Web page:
What do you think are the most popular/interesting youth ‘tribes’ at the moment? What’s emerging?

The ENTREPRENEURS – I’m amazed at how many 20 something’s and younger are starting their own businesses and non for profit projects in really niche areas. They have the eye for the angle and the drive to make it happen. They’re leaders in their peer group and it’s not uncool to be successful

The ALTERNATIVES – tattoos are back and have been in for a while. Think full sleeved tattoos and facial piercings. Interestingly they are actually very ‘normal’ and mainstream. Even the beautiful glam girls are getting in on this scene, thanks to Kat Von D and celebs like Megan Fox.

 The DRESS UP- friends that fancy dress at any given opportunity. The spontaneous fancy dress trend has been emerging for the last few years and continues to grow. You’ve seen them at festivals, at the beach, at mates parties. It’s all about having a laugh and becoming someone else for the night. (i’ll admit my group falls into this category)

What’s the most important thing for a brand to think about/understand when looking to engage with youth?

You need to have a reason to belong and a right to be talking with them.  You need to understand exactly what tribe you’re talking to and the language they speak. If you get it wrong you’re immediately on the outer. It’s all about gaining credibility over time and once you’ve got it to keep following through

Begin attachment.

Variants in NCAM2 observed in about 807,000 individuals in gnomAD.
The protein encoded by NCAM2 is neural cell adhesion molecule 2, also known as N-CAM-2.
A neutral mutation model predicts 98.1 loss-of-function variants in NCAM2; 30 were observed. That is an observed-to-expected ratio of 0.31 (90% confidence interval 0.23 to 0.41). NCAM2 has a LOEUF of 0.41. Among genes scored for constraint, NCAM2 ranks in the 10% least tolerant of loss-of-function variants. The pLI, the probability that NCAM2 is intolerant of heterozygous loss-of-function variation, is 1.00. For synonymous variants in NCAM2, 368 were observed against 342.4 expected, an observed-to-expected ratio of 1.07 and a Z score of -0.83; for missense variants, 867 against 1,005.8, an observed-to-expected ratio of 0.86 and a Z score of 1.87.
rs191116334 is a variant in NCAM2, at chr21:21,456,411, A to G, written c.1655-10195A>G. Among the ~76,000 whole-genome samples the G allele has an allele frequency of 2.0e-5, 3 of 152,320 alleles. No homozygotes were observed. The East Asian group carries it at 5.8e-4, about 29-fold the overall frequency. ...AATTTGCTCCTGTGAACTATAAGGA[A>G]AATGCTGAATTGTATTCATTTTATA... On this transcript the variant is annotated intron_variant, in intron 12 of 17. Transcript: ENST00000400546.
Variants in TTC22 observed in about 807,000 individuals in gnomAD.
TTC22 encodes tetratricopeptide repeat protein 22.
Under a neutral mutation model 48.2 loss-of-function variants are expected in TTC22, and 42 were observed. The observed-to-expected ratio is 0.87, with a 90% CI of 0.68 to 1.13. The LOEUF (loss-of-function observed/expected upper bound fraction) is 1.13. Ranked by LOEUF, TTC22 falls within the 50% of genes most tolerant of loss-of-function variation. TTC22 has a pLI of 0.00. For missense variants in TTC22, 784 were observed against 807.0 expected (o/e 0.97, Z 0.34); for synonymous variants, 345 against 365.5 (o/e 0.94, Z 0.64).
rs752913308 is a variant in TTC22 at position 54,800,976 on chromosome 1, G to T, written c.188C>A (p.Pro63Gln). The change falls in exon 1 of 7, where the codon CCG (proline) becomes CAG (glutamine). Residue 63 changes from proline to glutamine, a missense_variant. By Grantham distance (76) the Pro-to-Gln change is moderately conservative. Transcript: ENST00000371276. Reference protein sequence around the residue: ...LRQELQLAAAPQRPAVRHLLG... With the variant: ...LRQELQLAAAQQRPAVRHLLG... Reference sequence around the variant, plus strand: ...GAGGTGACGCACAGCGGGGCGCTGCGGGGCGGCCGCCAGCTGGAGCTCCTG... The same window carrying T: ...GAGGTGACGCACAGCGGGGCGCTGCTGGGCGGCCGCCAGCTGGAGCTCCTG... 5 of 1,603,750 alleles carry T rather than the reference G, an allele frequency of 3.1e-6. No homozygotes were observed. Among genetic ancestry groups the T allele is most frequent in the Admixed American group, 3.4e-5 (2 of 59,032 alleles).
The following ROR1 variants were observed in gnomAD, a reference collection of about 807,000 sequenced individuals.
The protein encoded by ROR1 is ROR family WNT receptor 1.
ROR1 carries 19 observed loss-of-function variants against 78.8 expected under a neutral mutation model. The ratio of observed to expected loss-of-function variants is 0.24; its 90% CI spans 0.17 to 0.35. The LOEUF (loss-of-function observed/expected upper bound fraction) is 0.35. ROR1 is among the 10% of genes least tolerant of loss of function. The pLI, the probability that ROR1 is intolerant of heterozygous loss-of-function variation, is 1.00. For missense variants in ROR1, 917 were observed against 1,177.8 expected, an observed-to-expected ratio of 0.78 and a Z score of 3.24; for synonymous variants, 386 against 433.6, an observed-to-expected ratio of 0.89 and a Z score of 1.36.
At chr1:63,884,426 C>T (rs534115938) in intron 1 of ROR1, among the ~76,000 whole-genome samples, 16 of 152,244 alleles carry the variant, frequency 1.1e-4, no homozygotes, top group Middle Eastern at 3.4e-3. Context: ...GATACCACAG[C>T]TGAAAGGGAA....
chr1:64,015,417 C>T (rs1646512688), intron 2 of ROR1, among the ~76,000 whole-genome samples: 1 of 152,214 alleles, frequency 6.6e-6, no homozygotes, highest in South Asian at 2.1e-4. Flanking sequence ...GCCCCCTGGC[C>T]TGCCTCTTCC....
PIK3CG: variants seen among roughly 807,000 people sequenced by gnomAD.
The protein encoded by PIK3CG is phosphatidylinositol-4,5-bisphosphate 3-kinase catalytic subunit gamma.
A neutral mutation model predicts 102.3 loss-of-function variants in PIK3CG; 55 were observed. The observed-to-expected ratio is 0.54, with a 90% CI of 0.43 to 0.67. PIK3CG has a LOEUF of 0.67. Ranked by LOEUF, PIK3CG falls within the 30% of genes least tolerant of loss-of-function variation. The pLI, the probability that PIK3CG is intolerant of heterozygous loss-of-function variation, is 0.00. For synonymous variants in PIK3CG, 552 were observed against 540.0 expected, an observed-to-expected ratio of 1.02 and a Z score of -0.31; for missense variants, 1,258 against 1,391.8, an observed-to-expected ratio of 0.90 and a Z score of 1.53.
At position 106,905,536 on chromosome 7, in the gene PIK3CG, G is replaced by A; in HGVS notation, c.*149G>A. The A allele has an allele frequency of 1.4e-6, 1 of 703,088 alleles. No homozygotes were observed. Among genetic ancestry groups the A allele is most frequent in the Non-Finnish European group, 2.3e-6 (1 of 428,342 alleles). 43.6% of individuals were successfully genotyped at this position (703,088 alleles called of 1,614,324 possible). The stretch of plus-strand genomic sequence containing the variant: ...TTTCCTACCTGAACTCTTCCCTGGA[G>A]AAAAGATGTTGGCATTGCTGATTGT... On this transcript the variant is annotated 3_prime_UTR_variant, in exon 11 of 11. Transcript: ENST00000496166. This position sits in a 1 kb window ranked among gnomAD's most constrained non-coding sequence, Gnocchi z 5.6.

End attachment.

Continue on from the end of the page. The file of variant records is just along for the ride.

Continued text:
Ask yourself what you offer them, what’s your awesome brand experience that they can take away with them and preferably share with their mates….. Some things haven’t changed over the years – now more than ever kids love free shit.

What’s the key formula for putting on an amazing youth event/experience in the music space?

Younger consumers actually embrace brands presence at music festivals and other events, they’re savvy enough to know that hosting big events costs money. What upsets them is when a brand either (a) doesn’t try to engage specific to their environment at all (eg just sticking up  a tent with some promo staff in it) or (b) tries to be too ‘down with the kids’ and ends up getting cast as a try hard.

 There are lots of genres of music popular with youth: 80’s, hip hop, indie, folksy, electro, reggae….what’s going to be big this upcoming summer do you think?

80’s is going to be huge, huger than it already has been with the electro phase that’s been around for a few years . We’re already seeing it with  the success of La Roux – who’ve been upgraded from the Gaelic to the Enmore with fairly limited push from their record company. It’s permeated into fashion, i noticed that at the start of this year the chambray shirt and Degrassi Junior High wardrobe was back….

Aussie Hip Hop continues to go from strength to strength. I was at Splendour this year and the Hill Top Hoods drew the biggest crowds of the festival.

 Do teens/20 somethings belong to many different music tribes at once, or are they fixated on one genre typically?

You’re still definitely more ‘something’ than ‘something else’. Like an indie with an emo slant. Or a Rock chick who likes a side of hip hop and a dash of pop.

It’s all about being a chameleon with musical taste.

With the ipod playlist came the freedom to have all sorts of music genres at your fingers tips- and to proudly share them with the world  🙂